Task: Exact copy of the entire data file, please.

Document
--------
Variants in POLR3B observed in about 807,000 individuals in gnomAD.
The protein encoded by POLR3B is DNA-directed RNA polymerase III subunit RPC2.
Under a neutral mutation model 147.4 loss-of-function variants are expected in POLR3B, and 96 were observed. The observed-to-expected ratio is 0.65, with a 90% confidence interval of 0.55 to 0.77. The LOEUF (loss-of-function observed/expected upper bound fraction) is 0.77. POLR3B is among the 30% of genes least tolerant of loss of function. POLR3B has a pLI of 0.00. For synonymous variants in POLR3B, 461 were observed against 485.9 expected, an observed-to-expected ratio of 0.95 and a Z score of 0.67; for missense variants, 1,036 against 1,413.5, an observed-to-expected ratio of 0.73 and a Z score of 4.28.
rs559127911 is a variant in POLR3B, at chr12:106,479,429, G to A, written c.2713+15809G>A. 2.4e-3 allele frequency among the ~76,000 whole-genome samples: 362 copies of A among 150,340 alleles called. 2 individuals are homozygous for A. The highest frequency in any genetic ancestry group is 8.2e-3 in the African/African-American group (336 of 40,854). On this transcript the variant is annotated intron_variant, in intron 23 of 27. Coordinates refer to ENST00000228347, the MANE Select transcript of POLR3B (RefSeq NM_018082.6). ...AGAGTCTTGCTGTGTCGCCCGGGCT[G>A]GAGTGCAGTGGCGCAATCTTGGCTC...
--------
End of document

Variants in POLR3B observed in about 807,000 individuals in gnomAD.
The protein encoded by POLR3B is DNA-directed RNA polymerase III subunit RPC2.
Under a neutral mutation model 147.4 loss-of-function variants are expected in POLR3B, and 96 were observed. The observed-to-expected ratio is 0.65, with a 90% confidence interval of 0.55 to 0.77. The LOEUF (loss-of-function observed/expected upper bound fraction) is 0.77. POLR3B is among the 30% of genes least tolerant of loss of function. POLR3B has a pLI of 0.00. For synonymous variants in POLR3B, 461 were observed against 485.9 expected, an observed-to-expected ratio of 0.95 and a Z score of 0.67; for missense variants, 1,036 against 1,413.5, an observed-to-expected ratio of 0.73 and a Z score of 4.28.
rs559127911 is a variant in POLR3B, at chr12:106,479,429, G to A, written c.2713+15809G>A. 2.4e-3 allele frequency among the ~76,000 whole-genome samples: 362 copies of A among 150,340 alleles called. 2 individuals are homozygous for A. The highest frequency in any genetic ancestry group is 8.2e-3 in the African/African-American group (336 of 40,854). On this transcript the variant is annotated intron_variant, in intron 23 of 27. Coordinates refer to ENST00000228347, the MANE Select transcript of POLR3B (RefSeq NM_018082.6). ...AGAGTCTTGCTGTGTCGCCCGGGCT[G>A]GAGTGCAGTGGCGCAATCTTGGCTC...